Originally published December 13 2012
Majority of U.S. pork supply tainted with deadly drugs, bacteria
by J. D. Heyes
(NaturalNews) The next time you reach for the bacon, ham, pork chops or pork steaks, you may want to rethink your dining choice: A majority of samples of "the other white meat" that were obtained in a recent study contained bacteria, potentially deadly drugs or a combination of both.
According to Consumer Reports, samples of U.S. pork chops and ground pork were found to contain substantial amounts of harmful, antibiotic-resistant bacteria, along with low levels of a type of growth hormone used on pigs.
"Our analysis of pork-chop and ground-pork samples from around the U.S. found that yersinia enterocolitica, a bacterium that can cause fever, diarrhea, and abdominal pain, was widespread. Some samples harbored other potentially harmful bacteria, including salmonella," the magazine said in a recent report.
No drugs should be used on healthy animals to promote growth
Of 198 samples, some of the bacteria found by the CR investigation were resistant to antibiotics that are commonly used to treat humans. That's likely due to the "frequent use of low-dose antibiotics in pork farming" which "may be accelerating the growth of drug-resistant 'superbugs' that threaten human health," said the magazine.
In all, researchers from the magazine tested 240 pork products; of them, 20 percent, or one-fifth, "harbored low levels of the drug ractopamine," which U.S. food and drug officials approved in 1999 to promote leanness and growth in pigs.
Commonly used in the U.S., the drug is banned in the European Union, China and Taiwan.
"Our food-safety experts say that no drugs should be used routinely in healthy animals to promote growth," Consumer Reports said.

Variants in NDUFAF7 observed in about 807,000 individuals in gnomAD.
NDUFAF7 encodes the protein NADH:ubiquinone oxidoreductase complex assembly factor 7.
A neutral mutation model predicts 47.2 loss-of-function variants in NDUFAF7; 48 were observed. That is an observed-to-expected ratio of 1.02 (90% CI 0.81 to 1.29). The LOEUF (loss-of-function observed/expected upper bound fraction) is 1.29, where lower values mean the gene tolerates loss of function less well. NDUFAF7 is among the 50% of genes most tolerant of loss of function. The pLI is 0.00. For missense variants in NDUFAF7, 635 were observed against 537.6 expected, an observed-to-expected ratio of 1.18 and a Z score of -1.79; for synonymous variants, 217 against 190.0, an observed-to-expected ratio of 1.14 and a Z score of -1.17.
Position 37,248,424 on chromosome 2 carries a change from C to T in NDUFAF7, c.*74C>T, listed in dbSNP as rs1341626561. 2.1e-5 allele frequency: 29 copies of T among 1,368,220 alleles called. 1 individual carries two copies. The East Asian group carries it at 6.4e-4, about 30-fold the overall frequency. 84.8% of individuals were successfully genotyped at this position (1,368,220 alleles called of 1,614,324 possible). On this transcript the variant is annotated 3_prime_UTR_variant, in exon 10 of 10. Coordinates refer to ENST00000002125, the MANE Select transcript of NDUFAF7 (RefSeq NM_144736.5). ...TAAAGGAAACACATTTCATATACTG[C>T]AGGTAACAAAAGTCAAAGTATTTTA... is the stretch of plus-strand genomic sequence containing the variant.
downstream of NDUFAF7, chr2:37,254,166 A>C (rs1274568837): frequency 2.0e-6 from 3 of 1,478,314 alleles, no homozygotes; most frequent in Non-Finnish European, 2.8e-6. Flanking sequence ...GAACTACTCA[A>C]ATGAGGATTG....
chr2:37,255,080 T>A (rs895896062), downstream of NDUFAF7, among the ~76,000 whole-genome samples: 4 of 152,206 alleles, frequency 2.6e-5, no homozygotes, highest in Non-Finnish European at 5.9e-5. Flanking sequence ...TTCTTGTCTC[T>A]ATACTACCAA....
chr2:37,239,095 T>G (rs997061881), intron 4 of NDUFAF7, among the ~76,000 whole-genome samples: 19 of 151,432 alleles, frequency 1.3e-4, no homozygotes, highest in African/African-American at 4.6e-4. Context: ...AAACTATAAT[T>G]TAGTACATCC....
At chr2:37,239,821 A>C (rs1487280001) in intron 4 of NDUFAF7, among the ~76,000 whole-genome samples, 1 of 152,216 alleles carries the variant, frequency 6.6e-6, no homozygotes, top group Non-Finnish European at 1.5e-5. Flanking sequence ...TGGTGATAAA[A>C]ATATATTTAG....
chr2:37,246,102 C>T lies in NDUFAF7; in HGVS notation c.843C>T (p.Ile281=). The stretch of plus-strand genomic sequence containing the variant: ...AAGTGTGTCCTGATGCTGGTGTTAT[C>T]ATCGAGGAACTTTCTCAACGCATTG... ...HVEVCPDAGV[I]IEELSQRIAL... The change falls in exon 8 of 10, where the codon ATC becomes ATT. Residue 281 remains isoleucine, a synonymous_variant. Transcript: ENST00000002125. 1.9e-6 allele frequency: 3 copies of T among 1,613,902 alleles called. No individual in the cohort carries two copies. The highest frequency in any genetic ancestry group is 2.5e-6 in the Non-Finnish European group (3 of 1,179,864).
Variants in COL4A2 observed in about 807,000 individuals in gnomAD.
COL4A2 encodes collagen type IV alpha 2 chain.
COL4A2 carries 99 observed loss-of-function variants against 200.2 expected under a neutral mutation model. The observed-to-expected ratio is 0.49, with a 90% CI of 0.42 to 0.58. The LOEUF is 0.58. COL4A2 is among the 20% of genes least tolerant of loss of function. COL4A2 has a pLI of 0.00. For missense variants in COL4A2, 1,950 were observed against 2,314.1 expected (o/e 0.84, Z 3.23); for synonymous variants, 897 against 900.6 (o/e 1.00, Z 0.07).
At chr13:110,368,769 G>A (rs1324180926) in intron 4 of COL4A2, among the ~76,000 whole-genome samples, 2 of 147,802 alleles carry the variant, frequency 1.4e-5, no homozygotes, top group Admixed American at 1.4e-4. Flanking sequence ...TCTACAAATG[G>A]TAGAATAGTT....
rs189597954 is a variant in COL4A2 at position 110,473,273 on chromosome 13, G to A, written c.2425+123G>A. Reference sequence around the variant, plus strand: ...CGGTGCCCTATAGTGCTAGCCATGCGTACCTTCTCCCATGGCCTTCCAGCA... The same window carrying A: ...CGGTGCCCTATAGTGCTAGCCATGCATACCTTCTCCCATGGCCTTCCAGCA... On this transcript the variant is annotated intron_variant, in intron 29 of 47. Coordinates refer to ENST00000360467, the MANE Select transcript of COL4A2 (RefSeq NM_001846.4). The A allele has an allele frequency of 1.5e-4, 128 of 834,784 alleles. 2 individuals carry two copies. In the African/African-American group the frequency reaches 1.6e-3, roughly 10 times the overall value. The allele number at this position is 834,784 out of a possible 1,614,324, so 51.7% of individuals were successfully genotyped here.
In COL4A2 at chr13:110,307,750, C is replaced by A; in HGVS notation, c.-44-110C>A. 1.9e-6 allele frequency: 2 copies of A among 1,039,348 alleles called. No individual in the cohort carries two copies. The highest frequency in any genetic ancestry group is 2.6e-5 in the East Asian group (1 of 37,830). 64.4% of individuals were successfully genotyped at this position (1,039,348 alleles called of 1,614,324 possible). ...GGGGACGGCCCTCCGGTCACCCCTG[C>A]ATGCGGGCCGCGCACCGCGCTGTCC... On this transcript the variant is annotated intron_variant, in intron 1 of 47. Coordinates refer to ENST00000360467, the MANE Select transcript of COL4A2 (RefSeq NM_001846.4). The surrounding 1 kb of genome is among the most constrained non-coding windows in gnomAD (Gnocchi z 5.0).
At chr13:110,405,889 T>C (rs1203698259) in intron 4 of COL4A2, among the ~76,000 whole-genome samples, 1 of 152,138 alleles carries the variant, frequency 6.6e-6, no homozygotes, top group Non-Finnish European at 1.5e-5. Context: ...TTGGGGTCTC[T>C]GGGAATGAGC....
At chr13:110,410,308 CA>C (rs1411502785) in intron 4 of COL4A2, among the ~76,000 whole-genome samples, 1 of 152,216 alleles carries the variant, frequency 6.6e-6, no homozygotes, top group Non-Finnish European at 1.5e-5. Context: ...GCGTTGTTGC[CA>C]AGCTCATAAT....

Some of CR's more significant findings include:
-- Yersinia enterocolitica was found in an astounding 69 percent of the tested pork samples, a bacterium that affects some 100,000 Americans annually, especially children. In addition, researchers found salmonella staphylococcus aureus, or listeria monocytogenes, "more common causes of foodborne illness, in three to seven percent of samples." Additionally, 11 percent contained enterococcus, which is a potential indicator of fecal contamination and can cause intestinal and urinary tract problems.
-- In some cases, the bacteria found were resistant to multiple drugs or entire classes of drugs. "That's worrisome," CR reported, "because if those bugs make you sick, your doctor may need to prescribe more powerful (and expensive) antibiotics." Regular readers of Natural News know that we've been tracking this antibiotic-resistance very carefully, because of its grave implications for public health.
-- Ground pork was found to be more likely than pork chops to contain pathogens but, say researchers, that's not unexpected considering that the process of grinding meat provides an additional opportunity for contamination.
Dirty conditions can allow bacteria to proliferate, which is often the case when large-scale production facilities confine animals in close quarters.
Repeated low doses of antibiotics causing 'mutagenesis'
"An animal's muscles (meat), blood, and brain are normally sterile. But during slaughter and processing, meat can become contaminated with bacteria from the animal's skin or gut and from workers, equipment, or the environment," Consumer Reports said. "Contamination is especially likely to occur if processing lines run too fast or if sanitary practices aren't followed. Once bacteria are on meat, improper storage can encourage them to multiply."
Experts note that giving pigs drugs is equally harmful.
"When you give low-dose antibiotics for growth promotion or for prophylaxis of infection, you end up killing off the susceptible bacteria, whether they're E. coli, salmonella, campylobacter, or other bacteria," Robert S. Lawrence, M.D., director of the Center for a Livable Future at the Johns Hopkins Bloomberg School of Public Health in Baltimore, told CR. "And you continue to select for those bacteria that, through spontaneous mutations or transfer of genes from other resistant bacteria, allow them to be resistant to antibiotics."
He pointed to recent lab research by Boston University that indicated repeated low doses of antibiotics can cause enough stress in bacteria to increase the rate of spontaneous mutations, eventually rendering the bugs drug-resistant - a process known as mutagenesis.
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